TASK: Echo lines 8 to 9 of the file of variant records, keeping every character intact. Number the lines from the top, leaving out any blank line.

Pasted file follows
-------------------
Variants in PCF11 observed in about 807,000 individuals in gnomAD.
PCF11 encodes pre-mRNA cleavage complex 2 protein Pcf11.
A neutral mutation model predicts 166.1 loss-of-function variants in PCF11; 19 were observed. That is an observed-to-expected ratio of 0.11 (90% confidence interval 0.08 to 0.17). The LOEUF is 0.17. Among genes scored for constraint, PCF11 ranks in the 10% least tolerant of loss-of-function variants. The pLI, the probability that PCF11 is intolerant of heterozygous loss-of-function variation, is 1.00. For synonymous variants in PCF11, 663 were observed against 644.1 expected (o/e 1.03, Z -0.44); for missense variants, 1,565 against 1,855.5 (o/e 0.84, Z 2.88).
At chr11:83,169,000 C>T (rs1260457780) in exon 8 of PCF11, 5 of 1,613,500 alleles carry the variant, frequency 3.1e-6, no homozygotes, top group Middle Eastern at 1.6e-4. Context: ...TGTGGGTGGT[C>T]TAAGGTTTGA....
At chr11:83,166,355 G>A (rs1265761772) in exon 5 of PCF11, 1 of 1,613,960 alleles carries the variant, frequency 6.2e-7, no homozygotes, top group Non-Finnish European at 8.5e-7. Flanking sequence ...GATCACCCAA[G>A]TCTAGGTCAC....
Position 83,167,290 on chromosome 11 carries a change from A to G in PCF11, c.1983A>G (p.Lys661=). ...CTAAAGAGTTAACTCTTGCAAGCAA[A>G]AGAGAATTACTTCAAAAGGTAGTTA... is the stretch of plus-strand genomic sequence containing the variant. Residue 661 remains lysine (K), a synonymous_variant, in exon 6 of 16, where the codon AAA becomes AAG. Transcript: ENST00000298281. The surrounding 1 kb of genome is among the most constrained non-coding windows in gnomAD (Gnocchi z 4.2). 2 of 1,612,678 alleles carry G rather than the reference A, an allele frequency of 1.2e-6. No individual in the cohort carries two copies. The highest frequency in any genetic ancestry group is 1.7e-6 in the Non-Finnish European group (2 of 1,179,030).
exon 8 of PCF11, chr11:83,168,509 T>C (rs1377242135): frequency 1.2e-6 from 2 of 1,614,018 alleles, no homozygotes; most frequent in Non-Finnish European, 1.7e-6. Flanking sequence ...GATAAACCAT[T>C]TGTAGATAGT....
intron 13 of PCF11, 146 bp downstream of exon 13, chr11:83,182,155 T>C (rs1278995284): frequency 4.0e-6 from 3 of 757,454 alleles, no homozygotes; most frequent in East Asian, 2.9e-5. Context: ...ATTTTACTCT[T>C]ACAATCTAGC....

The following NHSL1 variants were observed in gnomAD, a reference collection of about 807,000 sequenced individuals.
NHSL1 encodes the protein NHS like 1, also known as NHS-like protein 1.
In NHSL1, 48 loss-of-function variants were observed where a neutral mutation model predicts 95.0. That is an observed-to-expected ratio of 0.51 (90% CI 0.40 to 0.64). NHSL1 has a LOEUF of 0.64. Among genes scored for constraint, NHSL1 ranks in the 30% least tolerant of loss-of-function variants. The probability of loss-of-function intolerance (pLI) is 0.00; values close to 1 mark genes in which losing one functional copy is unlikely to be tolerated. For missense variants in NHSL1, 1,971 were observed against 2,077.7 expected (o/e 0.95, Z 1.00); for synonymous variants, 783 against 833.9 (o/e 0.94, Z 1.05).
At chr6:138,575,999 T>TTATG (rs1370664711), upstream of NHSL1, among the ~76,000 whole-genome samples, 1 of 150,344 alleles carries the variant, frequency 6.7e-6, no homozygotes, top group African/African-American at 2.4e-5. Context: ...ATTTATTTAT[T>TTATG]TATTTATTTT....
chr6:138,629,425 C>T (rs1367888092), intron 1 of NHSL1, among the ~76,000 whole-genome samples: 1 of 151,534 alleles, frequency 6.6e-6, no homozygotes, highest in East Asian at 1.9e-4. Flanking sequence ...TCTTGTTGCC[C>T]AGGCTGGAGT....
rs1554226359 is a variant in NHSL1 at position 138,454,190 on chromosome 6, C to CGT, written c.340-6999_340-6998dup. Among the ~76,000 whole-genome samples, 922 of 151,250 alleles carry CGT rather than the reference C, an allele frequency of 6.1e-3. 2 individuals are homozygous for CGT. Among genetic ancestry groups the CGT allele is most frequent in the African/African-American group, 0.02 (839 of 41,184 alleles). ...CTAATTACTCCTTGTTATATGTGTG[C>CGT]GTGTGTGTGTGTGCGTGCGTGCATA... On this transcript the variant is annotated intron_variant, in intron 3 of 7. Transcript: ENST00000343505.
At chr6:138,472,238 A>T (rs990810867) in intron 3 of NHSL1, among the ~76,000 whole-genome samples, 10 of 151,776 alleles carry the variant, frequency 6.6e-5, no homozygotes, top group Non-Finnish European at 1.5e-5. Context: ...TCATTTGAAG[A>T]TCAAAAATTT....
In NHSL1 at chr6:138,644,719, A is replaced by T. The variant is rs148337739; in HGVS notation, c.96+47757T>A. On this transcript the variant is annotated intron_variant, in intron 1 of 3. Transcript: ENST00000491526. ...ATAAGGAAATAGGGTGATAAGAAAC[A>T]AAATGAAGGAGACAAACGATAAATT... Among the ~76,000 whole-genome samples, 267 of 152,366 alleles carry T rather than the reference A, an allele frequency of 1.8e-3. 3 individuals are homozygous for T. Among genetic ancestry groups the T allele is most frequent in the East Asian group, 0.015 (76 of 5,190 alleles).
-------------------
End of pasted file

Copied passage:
intron 13 of PCF11, 146 bp downstream of exon 13, chr11:83,182,155 T>C (rs1278995284): frequency 4.0e-6 from 3 of 757,454 alleles, no homozygotes; most frequent in East Asian, 2.9e-5. Context: ...ATTTTACTCT[T>C]ACAATCTAGC....

The following NHSL1 variants were observed in gnomAD, a reference collection of about 807,000 sequenced individuals.